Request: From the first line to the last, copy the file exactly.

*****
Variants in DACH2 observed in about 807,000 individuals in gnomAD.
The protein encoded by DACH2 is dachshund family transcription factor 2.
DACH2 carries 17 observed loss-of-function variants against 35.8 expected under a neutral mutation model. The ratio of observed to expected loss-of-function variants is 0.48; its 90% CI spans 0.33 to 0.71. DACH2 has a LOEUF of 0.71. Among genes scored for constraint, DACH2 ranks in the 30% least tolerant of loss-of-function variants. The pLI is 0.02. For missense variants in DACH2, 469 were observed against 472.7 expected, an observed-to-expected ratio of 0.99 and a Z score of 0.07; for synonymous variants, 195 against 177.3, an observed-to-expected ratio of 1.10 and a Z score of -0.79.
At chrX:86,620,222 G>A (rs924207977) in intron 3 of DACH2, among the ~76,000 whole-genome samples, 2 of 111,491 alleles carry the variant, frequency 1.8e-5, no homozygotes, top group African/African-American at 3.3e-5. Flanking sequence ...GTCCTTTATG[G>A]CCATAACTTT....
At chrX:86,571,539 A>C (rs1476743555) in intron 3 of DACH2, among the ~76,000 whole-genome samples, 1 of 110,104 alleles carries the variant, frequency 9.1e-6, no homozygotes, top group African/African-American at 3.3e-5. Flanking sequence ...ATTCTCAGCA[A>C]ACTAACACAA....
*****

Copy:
Variants in DACH2 observed in about 807,000 individuals in gnomAD.
The protein encoded by DACH2 is dachshund family transcription factor 2.
DACH2 carries 17 observed loss-of-function variants against 35.8 expected under a neutral mutation model. The ratio of observed to expected loss-of-function variants is 0.48; its 90% CI spans 0.33 to 0.71. DACH2 has a LOEUF of 0.71. Among genes scored for constraint, DACH2 ranks in the 30% least tolerant of loss-of-function variants. The pLI is 0.02. For missense variants in DACH2, 469 were observed against 472.7 expected, an observed-to-expected ratio of 0.99 and a Z score of 0.07; for synonymous variants, 195 against 177.3, an observed-to-expected ratio of 1.10 and a Z score of -0.79.
At chrX:86,620,222 G>A (rs924207977) in intron 3 of DACH2, among the ~76,000 whole-genome samples, 2 of 111,491 alleles carry the variant, frequency 1.8e-5, no homozygotes, top group African/African-American at 3.3e-5. Flanking sequence ...GTCCTTTATG[G>A]CCATAACTTT....
At chrX:86,571,539 A>C (rs1476743555) in intron 3 of DACH2, among the ~76,000 whole-genome samples, 1 of 110,104 alleles carries the variant, frequency 9.1e-6, no homozygotes, top group African/African-American at 3.3e-5. Flanking sequence ...ATTCTCAGCA[A>C]ACTAACACAA....